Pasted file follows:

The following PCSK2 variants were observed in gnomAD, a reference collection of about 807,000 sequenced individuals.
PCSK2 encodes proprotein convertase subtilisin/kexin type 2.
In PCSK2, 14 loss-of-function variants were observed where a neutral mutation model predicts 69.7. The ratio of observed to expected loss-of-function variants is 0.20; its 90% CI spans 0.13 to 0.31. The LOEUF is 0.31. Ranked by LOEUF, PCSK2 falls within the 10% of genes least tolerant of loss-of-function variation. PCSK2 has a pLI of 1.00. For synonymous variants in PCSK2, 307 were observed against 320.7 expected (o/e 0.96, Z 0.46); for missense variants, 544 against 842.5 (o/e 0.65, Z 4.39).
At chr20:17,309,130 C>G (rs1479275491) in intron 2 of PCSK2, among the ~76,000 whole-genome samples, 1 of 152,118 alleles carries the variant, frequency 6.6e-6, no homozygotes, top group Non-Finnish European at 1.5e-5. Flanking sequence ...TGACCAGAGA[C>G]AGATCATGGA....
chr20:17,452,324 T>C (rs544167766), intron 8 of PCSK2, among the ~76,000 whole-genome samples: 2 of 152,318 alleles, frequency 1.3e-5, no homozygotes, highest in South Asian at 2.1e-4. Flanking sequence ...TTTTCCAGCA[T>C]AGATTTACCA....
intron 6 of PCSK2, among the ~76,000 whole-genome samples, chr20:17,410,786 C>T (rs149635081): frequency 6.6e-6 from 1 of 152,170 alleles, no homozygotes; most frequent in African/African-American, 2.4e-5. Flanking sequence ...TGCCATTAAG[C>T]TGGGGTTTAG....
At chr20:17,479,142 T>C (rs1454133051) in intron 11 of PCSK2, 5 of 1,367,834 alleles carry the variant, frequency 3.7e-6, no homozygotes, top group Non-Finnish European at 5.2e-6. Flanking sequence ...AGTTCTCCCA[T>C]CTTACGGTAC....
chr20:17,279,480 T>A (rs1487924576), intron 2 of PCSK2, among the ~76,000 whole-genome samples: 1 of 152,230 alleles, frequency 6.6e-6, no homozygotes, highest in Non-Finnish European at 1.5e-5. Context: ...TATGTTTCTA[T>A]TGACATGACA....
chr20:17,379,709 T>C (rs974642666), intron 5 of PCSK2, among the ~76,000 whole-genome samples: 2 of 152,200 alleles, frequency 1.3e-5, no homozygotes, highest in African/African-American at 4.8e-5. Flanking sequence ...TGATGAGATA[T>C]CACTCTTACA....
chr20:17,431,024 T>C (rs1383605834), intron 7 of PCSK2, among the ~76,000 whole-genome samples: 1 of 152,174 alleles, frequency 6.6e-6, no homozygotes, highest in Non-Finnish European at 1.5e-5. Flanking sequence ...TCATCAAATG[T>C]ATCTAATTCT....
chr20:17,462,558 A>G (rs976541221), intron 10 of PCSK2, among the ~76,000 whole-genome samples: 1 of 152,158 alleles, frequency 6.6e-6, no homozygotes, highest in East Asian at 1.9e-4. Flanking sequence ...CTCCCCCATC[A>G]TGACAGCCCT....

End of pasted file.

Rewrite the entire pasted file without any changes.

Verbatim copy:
The following PCSK2 variants were observed in gnomAD, a reference collection of about 807,000 sequenced individuals.
PCSK2 encodes proprotein convertase subtilisin/kexin type 2.
In PCSK2, 14 loss-of-function variants were observed where a neutral mutation model predicts 69.7. The ratio of observed to expected loss-of-function variants is 0.20; its 90% CI spans 0.13 to 0.31. The LOEUF is 0.31. Ranked by LOEUF, PCSK2 falls within the 10% of genes least tolerant of loss-of-function variation. PCSK2 has a pLI of 1.00. For synonymous variants in PCSK2, 307 were observed against 320.7 expected (o/e 0.96, Z 0.46); for missense variants, 544 against 842.5 (o/e 0.65, Z 4.39).
At chr20:17,309,130 C>G (rs1479275491) in intron 2 of PCSK2, among the ~76,000 whole-genome samples, 1 of 152,118 alleles carries the variant, frequency 6.6e-6, no homozygotes, top group Non-Finnish European at 1.5e-5. Flanking sequence ...TGACCAGAGA[C>G]AGATCATGGA....
chr20:17,452,324 T>C (rs544167766), intron 8 of PCSK2, among the ~76,000 whole-genome samples: 2 of 152,318 alleles, frequency 1.3e-5, no homozygotes, highest in South Asian at 2.1e-4. Flanking sequence ...TTTTCCAGCA[T>C]AGATTTACCA....
intron 6 of PCSK2, among the ~76,000 whole-genome samples, chr20:17,410,786 C>T (rs149635081): frequency 6.6e-6 from 1 of 152,170 alleles, no homozygotes; most frequent in African/African-American, 2.4e-5. Flanking sequence ...TGCCATTAAG[C>T]TGGGGTTTAG....
At chr20:17,479,142 T>C (rs1454133051) in intron 11 of PCSK2, 5 of 1,367,834 alleles carry the variant, frequency 3.7e-6, no homozygotes, top group Non-Finnish European at 5.2e-6. Flanking sequence ...AGTTCTCCCA[T>C]CTTACGGTAC....
chr20:17,279,480 T>A (rs1487924576), intron 2 of PCSK2, among the ~76,000 whole-genome samples: 1 of 152,230 alleles, frequency 6.6e-6, no homozygotes, highest in Non-Finnish European at 1.5e-5. Context: ...TATGTTTCTA[T>A]TGACATGACA....
chr20:17,379,709 T>C (rs974642666), intron 5 of PCSK2, among the ~76,000 whole-genome samples: 2 of 152,200 alleles, frequency 1.3e-5, no homozygotes, highest in African/African-American at 4.8e-5. Flanking sequence ...TGATGAGATA[T>C]CACTCTTACA....
chr20:17,431,024 T>C (rs1383605834), intron 7 of PCSK2, among the ~76,000 whole-genome samples: 1 of 152,174 alleles, frequency 6.6e-6, no homozygotes, highest in Non-Finnish European at 1.5e-5. Flanking sequence ...TCATCAAATG[T>C]ATCTAATTCT....
chr20:17,462,558 A>G (rs976541221), intron 10 of PCSK2, among the ~76,000 whole-genome samples: 1 of 152,158 alleles, frequency 6.6e-6, no homozygotes, highest in East Asian at 1.9e-4. Flanking sequence ...CTCCCCCATC[A>G]TGACAGCCCT....